By: Jenna Smith, Senior Partner, Smith Design
As a busy brand professional and millennial mom, I am constantly trying to maintain a balance of demands both personally and professionally. So when it comes to shopping, I find myself strategically planning my purchases in-person vs. online. As much as my “packaged good loving” self enjoys a leisurely stroll through the store, sometimes the convenience of technology is too good to pass up. So, when the need arises to purchase a packaged product, “should I buy online or in person” is usually the first question that comes to mind. The more familiar and predictable a product, the greater chance I have to buying it online. However, the more subjective the experience I have with a product, the more likely it is that I will "perceivably” benefit from buying it in a store.
But, I do have to ask if that is true? Do I benefit from buying some products online vs in person and how does packaging design influence that perception?
I love that as an online shopper, I have no pressure to buy since I can always come back to my cart. I can read the product reviews; search sites for comparable prices and deals, and generally feel unhurried when it comes to purchasing. When it comes to buying something for my kids, I want to feel like I made the smart choice (not necessarily finding the best deal). Satisfaction, however, is delayed because I must wait for items to ship. I cannot connect with the brand and product in-person and always have a small feeling that it is somewhat of a blind purchase. This is because packaging and a tactile experience play important roles in building my brand loyalty for in-person purchases, while price and consumer reviews influence my purchases online.
This is not to say that CPGs cannot bring value through exposing me to packaging online. The brands that recognize how packaging influences my online shopping experience have an opportunity to see a casual, positive sequence as I share knowledge with others via social networks. Additionally, brands that can find a way to connect with me emotionally and reclaim a point of difference, that is noticeable through their website or interactive information, compel me to dive deeper to learn, try, and discover new products and offerings. While online shopping diminishes the influence packaging has on my initial (and often times impulsive) purchase decision, I am still interacting with that package upon receipt, motivating my overall encounter and future purchases.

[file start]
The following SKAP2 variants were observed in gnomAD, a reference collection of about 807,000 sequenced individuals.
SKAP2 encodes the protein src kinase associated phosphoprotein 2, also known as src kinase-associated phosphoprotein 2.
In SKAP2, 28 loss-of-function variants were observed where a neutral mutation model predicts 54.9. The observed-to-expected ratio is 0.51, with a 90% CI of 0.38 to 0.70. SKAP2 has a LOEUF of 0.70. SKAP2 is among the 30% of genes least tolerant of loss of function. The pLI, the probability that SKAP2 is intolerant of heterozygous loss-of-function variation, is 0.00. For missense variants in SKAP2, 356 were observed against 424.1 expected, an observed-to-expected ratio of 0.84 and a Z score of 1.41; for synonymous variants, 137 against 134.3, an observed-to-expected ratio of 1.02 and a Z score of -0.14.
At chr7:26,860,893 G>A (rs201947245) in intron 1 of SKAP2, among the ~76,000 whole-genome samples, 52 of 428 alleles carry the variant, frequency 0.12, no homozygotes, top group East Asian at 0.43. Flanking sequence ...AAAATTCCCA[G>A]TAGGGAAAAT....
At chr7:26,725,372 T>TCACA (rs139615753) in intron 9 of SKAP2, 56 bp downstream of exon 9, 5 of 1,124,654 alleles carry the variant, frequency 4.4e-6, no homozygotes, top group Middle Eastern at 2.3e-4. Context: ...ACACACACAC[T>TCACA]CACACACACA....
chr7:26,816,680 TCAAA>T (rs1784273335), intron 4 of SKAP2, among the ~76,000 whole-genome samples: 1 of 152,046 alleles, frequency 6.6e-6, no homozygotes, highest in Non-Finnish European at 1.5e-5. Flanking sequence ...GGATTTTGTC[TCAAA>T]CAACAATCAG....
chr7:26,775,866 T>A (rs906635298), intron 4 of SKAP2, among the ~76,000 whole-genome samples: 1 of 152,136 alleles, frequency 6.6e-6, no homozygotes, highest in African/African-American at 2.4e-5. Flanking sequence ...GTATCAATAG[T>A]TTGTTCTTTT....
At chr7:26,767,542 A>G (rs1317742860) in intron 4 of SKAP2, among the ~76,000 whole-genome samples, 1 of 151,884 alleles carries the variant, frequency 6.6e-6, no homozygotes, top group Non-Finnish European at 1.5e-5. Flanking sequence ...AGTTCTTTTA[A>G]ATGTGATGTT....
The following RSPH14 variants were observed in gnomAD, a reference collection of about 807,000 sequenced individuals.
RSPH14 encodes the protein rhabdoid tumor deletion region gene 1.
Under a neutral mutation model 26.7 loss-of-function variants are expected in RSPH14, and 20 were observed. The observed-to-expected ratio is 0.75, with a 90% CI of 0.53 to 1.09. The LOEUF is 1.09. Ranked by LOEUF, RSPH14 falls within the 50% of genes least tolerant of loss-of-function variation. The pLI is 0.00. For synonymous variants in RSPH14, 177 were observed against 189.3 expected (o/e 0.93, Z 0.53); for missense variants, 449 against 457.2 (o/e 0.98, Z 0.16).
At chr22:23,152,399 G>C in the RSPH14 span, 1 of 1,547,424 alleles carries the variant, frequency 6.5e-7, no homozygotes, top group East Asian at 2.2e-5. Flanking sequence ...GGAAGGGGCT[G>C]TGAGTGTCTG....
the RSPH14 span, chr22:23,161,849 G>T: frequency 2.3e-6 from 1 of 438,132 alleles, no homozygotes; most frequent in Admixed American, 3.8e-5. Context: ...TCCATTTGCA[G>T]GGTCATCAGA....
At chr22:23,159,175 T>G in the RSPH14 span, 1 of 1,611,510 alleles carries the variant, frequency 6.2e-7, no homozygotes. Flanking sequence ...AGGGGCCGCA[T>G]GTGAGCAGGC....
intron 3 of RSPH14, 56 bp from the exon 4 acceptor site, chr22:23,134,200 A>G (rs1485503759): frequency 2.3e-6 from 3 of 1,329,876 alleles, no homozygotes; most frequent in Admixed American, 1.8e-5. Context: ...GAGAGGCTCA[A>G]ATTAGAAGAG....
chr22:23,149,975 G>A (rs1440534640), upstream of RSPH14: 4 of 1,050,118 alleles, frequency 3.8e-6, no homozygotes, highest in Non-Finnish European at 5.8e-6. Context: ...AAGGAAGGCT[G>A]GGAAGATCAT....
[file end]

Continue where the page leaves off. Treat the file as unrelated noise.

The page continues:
On the flip side, ways that brands can keep me engaged in the brick and mortar experience is by continually innovating and refreshing their offerings and packaging so I feel as though I am receiving something unique and different than what is shown online. Distinctive interactive displays, special product presentations, unique packaging materials & applications, and customization add to the overall experience of going to the store. According to Professor Bell’s book “Location is Still Everything", online purchases are significantly affected by which stores are near the consumer and whether they have "trendy and friendly neighbors.” I live in a heavily populated area and many times, I will go to a store because they have an exclusive offer or are providing an interactive event - allowing me to connect with a brand in a way I cannot do virtually. On a more basic level, ingredients, materials, and components are top of mind for products in certain categories, so being able to feel, touch, read labels is a necessity for me. If a brand does not provide a large image of their label or ingredients and/or components are not easily visible online, I assume the purchase must be made in-person. Perhaps, as packaging designers, more attention needs to be given to back of pack aesthetics for products that live in our ever-growing digital world.
Ultimately, I would say my personal shopping experiences are evenly divided between in-store and online. Soft goods, such as paper towels, are an easy online purchase. I can search for the best deals and my expectations of the product are always met without any surprises or deviations from the norm. Food and specialty items continue to be an in-store purchase since they consists of many fresh ingredients and each piece is unique.
What I do find surprising is that items I never thought would be Internet purchases – shoes, clothes, electronics – are my top searches. However, I have little brand loyalty in these categories and instead make purchases based on reviews and price. As stores continue to evolve their experiences to combat online retailers and as e-tailers integrate additional ways for consumers to interact with products as they do in-person, or provide instant gratification (ie Amazon Prime Now), it will be interesting to see how packaging evolves for this revolutionary thing we call the internet.